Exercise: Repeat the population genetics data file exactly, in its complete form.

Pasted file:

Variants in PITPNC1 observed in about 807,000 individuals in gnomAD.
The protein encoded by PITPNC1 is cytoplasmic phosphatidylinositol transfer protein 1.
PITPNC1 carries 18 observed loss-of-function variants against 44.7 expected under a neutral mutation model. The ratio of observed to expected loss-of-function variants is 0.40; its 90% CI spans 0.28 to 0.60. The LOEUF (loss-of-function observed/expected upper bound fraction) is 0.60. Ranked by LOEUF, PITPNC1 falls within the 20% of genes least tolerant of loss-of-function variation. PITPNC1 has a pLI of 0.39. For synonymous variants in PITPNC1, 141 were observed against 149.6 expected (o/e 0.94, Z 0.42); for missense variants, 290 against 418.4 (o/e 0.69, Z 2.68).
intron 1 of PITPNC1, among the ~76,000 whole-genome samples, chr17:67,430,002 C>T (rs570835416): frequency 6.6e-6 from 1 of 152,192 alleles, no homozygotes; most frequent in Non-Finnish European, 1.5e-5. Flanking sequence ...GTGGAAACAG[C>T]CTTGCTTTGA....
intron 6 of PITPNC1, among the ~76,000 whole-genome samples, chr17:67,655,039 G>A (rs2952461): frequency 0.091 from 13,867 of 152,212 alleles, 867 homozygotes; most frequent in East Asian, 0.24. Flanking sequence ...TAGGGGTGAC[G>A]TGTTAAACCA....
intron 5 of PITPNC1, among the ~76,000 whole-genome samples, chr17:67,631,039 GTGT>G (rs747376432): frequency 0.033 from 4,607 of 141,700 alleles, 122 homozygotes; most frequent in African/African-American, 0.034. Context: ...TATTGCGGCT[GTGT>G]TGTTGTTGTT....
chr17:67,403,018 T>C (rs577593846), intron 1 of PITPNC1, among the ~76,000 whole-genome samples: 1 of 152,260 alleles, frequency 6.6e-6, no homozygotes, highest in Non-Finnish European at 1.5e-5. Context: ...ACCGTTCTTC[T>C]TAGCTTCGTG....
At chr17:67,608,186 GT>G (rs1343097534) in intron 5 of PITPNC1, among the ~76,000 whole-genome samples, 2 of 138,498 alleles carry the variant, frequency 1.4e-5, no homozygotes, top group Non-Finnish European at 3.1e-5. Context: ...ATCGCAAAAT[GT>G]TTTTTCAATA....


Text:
Variants in PITPNC1 observed in about 807,000 individuals in gnomAD.
The protein encoded by PITPNC1 is cytoplasmic phosphatidylinositol transfer protein 1.
PITPNC1 carries 18 observed loss-of-function variants against 44.7 expected under a neutral mutation model. The ratio of observed to expected loss-of-function variants is 0.40; its 90% CI spans 0.28 to 0.60. The LOEUF (loss-of-function observed/expected upper bound fraction) is 0.60. Ranked by LOEUF, PITPNC1 falls within the 20% of genes least tolerant of loss-of-function variation. PITPNC1 has a pLI of 0.39. For synonymous variants in PITPNC1, 141 were observed against 149.6 expected (o/e 0.94, Z 0.42); for missense variants, 290 against 418.4 (o/e 0.69, Z 2.68).
intron 1 of PITPNC1, among the ~76,000 whole-genome samples, chr17:67,430,002 C>T (rs570835416): frequency 6.6e-6 from 1 of 152,192 alleles, no homozygotes; most frequent in Non-Finnish European, 1.5e-5. Flanking sequence ...GTGGAAACAG[C>T]CTTGCTTTGA....
intron 6 of PITPNC1, among the ~76,000 whole-genome samples, chr17:67,655,039 G>A (rs2952461): frequency 0.091 from 13,867 of 152,212 alleles, 867 homozygotes; most frequent in East Asian, 0.24. Flanking sequence ...TAGGGGTGAC[G>A]TGTTAAACCA....
intron 5 of PITPNC1, among the ~76,000 whole-genome samples, chr17:67,631,039 GTGT>G (rs747376432): frequency 0.033 from 4,607 of 141,700 alleles, 122 homozygotes; most frequent in African/African-American, 0.034. Context: ...TATTGCGGCT[GTGT>G]TGTTGTTGTT....
chr17:67,403,018 T>C (rs577593846), intron 1 of PITPNC1, among the ~76,000 whole-genome samples: 1 of 152,260 alleles, frequency 6.6e-6, no homozygotes, highest in Non-Finnish European at 1.5e-5. Context: ...ACCGTTCTTC[T>C]TAGCTTCGTG....
At chr17:67,608,186 GT>G (rs1343097534) in intron 5 of PITPNC1, among the ~76,000 whole-genome samples, 2 of 138,498 alleles carry the variant, frequency 1.4e-5, no homozygotes, top group Non-Finnish European at 3.1e-5. Context: ...ATCGCAAAAT[GT>G]TTTTTCAATA....